Location is an ancient factor of growth-Twin Cities
The buildings along the University Avenue of São Paulo are very hot. Yes, this is a trend ten years ago, but now the number of new buildings is staggering. Most of these developments originated from the Metro Green Line that opened in 2012, which connects Minneapolis and downtown St. Paul.
The construction of a place is not an isolated case. It has always happened in the suburbs. Streets and large shopping areas have sprung up on long-vacant land, as have hundreds of houses and apartments of different types. The difference between University Avenue is that it has been active in the city for about 150 years.
Applied economic theory is obvious in all these areas, whether it is basic demand and supply, or location economics. The green line plays an important role here. But it started with the insights of Johan von Thunen, a German real estate manager from 1783 to 1850, when there was no extensive railway construction here or in Europe.
Von Thunen lives in Pomerania, a vast area of ??arable land near the Baltic Sea. He pointed out that the types of agricultural products and the value of land vary with the distance from the market city. In other words, what is important to landowners is location, location, and location.
The concentric circles closest to the city center produce fresh milk, vegetables and the like, which are of high value but are perishable. The successive emergence of land circles include wood planted for construction and firewood. Although not of high value, it is expensive for carriage by carriage. Then there are storable fruits such as apples and root crops such as potatoes or radishes, which can be kept for months after harvest and allowed to be hauled over time.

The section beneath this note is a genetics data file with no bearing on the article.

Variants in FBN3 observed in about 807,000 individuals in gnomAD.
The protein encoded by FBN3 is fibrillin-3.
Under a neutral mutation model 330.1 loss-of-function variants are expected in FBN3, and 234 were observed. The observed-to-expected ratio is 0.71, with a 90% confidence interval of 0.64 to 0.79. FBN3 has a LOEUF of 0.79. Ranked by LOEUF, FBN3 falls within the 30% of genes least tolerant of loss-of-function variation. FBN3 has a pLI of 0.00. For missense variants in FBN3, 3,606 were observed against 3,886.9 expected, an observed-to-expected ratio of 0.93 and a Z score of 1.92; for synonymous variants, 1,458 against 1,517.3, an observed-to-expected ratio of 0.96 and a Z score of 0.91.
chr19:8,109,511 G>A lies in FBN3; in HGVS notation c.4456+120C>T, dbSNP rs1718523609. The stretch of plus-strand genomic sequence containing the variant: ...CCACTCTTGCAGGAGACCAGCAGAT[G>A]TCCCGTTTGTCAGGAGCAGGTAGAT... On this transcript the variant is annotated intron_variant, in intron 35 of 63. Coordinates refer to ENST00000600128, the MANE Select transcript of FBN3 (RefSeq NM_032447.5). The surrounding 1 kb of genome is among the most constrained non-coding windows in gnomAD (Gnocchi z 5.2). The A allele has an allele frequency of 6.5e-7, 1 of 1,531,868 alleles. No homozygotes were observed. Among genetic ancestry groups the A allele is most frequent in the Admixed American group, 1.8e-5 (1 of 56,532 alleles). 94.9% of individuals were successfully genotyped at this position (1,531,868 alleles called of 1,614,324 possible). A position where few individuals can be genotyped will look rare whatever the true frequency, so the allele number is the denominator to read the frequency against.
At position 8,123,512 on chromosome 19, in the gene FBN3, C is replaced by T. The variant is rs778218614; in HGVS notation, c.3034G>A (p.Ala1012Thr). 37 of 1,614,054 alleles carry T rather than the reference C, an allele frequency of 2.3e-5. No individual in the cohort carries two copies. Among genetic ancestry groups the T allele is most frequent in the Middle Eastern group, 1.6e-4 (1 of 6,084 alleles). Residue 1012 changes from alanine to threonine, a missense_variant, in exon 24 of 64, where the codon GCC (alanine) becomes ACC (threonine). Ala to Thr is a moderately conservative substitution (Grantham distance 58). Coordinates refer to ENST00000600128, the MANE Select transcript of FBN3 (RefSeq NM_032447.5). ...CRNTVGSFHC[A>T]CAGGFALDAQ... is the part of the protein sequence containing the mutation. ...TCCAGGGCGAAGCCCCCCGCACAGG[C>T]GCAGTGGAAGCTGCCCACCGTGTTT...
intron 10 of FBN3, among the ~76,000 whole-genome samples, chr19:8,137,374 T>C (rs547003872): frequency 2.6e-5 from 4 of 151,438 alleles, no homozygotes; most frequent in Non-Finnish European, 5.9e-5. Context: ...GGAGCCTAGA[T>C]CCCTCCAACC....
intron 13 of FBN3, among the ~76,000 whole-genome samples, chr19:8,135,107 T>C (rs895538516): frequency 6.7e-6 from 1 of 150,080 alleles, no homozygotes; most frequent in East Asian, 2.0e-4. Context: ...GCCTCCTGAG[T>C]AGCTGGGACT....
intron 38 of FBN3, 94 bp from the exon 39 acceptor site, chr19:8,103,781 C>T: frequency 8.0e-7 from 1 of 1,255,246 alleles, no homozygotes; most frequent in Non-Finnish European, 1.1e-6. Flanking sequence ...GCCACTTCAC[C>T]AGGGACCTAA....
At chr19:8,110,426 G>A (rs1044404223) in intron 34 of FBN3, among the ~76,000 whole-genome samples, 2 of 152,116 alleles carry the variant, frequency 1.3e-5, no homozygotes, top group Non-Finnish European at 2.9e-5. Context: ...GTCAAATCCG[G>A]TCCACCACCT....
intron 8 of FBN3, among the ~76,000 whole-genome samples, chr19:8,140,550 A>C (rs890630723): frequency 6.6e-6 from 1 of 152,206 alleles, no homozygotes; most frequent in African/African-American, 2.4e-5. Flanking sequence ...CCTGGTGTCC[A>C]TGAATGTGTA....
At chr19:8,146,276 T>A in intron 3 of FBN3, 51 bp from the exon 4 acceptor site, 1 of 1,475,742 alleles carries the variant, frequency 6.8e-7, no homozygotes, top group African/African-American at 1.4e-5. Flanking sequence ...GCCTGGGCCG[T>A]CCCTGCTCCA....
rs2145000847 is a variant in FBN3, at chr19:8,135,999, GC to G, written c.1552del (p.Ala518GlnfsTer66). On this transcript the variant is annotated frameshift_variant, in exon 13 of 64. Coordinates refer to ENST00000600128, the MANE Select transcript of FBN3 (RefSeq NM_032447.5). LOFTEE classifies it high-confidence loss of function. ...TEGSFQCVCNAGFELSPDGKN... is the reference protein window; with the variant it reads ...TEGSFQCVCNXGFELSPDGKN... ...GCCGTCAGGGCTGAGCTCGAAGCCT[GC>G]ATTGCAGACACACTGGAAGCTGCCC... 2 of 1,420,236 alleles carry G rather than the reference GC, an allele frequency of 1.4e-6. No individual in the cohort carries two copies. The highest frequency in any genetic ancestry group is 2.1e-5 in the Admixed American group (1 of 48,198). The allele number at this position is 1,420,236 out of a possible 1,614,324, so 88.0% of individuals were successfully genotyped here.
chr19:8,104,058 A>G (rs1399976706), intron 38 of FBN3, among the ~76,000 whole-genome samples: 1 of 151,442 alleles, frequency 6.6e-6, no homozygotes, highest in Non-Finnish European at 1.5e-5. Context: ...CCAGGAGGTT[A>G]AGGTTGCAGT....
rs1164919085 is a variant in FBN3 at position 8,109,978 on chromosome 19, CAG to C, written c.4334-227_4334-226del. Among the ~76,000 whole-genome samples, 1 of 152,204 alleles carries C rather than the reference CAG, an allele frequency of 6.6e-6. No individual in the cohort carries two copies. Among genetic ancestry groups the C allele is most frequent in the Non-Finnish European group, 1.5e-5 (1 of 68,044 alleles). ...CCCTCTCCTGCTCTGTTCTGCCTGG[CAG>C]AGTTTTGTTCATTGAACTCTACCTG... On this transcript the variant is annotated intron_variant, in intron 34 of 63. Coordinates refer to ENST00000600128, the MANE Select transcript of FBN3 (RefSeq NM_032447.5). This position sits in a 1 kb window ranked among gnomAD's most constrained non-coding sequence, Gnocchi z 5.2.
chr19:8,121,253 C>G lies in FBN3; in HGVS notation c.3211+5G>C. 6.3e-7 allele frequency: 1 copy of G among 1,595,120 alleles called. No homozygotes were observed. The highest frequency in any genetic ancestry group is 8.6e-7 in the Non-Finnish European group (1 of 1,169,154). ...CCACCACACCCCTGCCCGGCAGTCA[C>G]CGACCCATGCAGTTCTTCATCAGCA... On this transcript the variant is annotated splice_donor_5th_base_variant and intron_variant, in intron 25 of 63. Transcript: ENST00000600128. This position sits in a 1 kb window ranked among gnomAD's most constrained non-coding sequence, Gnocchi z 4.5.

Rye and wheat are more storage-resistant and therefore grow farther. Butter and cheese are higher-value products, but dairy herds need vast pastures. The same is true for beef cattle, which can be driven to the city itself for slaughter.
The price of land increases with the value of the product and decreases with the transportation cost.
Even in a product area, land prices will drop with distance. Consider a cart of rye. Closer, it is mainly grain and some horse feed. As the distance increases, more feed is needed and therefore less grain is needed. The round trip is longer than a horse can complete in a day, which means using carriage space to store sheets, kettles and potatoes for the driver.?? The overall result is that two different farms with the same agronomic productivity will get different net income from the same crop due to different transportation costs. Therefore, their land value will be different.
Fast forward to modern São Paulo.
Along the Green Line, the construction of new apartments is affected by at least two factors: the distance from the city center and the cost of land and existing buildings that must be razed. From downtown to downtown Minneapolis, denser housing around the University of Michigan means more expensive land. But from Snelling Avenue East to Rice Street in Sao Paulo, there are already many car sales locations. Those that were enough in the 1950s were too small for modern dealers after 1980, so some people with “Midway” in their names moved to Roseville or their fathers went out.
In the urban area, land values ??and apartment rents vary with the distance from the Green Line station. People want to live near the light rail because they do not have a car, or they want to face traffic congestion during peak hours for work or shopping. In the suburbs of Buffalo, Bel Plain or Baldwin, rents and house prices may be lower, but the money saved is wasted on hundreds of hours of driving by city workers and thousands of miles of car wear and tear.